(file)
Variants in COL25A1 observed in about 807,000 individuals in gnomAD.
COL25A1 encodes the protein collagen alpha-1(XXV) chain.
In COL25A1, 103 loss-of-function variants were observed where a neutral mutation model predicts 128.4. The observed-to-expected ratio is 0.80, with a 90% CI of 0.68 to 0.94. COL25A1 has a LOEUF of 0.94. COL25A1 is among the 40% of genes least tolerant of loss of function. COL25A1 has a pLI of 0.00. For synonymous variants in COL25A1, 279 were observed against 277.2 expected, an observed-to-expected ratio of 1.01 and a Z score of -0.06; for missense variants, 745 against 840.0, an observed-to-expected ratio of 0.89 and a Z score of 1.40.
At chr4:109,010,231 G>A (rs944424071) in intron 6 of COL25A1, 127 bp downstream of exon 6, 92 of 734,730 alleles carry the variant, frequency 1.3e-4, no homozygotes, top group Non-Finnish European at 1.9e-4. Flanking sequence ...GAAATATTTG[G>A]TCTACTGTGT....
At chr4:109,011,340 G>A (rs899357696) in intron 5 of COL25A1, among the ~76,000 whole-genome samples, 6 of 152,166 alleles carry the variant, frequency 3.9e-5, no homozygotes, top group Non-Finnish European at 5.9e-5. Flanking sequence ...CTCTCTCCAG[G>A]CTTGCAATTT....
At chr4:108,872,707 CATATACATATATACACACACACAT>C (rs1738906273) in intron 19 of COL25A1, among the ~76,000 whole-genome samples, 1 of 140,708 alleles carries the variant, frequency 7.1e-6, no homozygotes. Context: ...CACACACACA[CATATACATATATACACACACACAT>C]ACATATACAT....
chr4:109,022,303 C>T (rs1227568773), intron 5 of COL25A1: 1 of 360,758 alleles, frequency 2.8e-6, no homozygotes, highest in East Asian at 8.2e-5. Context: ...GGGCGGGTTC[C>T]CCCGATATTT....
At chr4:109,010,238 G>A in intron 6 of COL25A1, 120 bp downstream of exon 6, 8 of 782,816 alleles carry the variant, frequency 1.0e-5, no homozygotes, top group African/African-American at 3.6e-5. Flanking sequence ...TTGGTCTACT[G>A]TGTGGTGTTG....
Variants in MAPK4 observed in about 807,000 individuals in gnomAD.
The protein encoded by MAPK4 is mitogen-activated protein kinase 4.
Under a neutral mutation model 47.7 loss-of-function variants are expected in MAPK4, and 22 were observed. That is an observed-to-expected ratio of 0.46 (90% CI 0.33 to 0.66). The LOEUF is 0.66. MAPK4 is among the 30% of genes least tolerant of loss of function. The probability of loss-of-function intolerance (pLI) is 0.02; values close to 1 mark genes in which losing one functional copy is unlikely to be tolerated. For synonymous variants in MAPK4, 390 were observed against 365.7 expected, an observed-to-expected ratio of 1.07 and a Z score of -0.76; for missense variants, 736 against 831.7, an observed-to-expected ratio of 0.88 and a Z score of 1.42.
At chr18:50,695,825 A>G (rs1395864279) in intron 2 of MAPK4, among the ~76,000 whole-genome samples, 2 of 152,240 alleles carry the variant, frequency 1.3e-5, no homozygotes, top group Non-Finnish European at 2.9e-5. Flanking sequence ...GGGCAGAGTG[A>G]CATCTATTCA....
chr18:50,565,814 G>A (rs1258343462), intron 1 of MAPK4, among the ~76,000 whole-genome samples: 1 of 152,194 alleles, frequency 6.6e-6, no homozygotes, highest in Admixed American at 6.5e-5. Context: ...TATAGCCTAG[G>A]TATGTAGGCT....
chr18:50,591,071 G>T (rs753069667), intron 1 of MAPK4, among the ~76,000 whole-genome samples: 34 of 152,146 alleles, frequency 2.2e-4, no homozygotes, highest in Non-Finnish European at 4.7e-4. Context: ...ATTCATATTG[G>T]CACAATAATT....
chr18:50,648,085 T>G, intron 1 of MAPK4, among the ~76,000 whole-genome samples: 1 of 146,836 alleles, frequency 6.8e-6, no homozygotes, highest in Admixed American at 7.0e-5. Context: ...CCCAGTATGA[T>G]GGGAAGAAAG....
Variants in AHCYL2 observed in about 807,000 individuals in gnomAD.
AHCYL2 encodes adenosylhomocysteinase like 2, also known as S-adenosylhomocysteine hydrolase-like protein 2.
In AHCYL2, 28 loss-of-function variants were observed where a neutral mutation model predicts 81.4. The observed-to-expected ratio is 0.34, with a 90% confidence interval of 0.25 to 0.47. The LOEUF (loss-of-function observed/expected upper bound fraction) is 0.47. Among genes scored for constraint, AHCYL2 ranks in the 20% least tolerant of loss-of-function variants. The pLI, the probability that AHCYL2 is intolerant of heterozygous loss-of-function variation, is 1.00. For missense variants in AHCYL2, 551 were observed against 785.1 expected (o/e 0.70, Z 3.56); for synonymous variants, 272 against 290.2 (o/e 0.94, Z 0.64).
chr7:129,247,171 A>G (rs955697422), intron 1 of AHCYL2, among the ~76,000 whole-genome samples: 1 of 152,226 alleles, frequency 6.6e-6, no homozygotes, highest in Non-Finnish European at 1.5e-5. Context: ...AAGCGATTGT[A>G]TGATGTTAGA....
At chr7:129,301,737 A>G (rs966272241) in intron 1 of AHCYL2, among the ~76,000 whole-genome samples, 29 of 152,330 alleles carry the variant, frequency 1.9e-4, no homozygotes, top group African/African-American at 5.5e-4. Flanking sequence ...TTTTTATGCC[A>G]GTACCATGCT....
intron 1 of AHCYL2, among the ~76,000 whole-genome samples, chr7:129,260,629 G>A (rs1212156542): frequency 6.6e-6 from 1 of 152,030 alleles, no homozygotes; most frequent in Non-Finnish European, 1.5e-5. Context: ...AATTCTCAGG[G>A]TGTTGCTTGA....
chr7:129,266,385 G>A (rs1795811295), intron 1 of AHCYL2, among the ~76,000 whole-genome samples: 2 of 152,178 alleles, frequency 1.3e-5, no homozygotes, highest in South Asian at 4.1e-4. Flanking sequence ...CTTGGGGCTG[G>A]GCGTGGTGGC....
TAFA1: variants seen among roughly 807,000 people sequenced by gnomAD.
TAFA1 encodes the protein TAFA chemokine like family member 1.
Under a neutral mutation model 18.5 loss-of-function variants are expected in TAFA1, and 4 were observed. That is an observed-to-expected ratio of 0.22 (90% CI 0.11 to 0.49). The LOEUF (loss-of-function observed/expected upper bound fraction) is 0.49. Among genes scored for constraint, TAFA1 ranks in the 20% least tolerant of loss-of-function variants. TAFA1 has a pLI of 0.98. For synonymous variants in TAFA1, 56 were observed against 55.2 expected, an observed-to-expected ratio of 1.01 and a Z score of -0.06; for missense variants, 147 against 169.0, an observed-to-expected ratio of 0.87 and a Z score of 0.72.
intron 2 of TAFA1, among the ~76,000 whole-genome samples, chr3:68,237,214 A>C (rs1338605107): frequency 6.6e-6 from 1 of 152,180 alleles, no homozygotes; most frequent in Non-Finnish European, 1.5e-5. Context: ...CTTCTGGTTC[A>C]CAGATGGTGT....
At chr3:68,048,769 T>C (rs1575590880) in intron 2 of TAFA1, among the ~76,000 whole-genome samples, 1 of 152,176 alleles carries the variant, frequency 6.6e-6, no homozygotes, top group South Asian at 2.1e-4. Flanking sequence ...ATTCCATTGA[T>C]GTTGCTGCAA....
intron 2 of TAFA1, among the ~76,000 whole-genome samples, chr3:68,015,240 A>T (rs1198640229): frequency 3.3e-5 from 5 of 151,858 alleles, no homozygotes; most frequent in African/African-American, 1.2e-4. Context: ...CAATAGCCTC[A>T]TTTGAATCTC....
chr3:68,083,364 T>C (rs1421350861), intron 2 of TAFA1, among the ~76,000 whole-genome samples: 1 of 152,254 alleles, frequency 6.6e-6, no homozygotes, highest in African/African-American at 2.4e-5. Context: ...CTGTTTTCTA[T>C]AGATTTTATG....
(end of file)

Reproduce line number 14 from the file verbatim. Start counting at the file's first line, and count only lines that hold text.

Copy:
chr18:50,591,071 G>T (rs753069667), intron 1 of MAPK4, among the ~76,000 whole-genome samples: 34 of 152,146 alleles, frequency 2.2e-4, no homozygotes, highest in Non-Finnish European at 4.7e-4. Context: ...ATTCATATTG[G>T]CACAATAATT....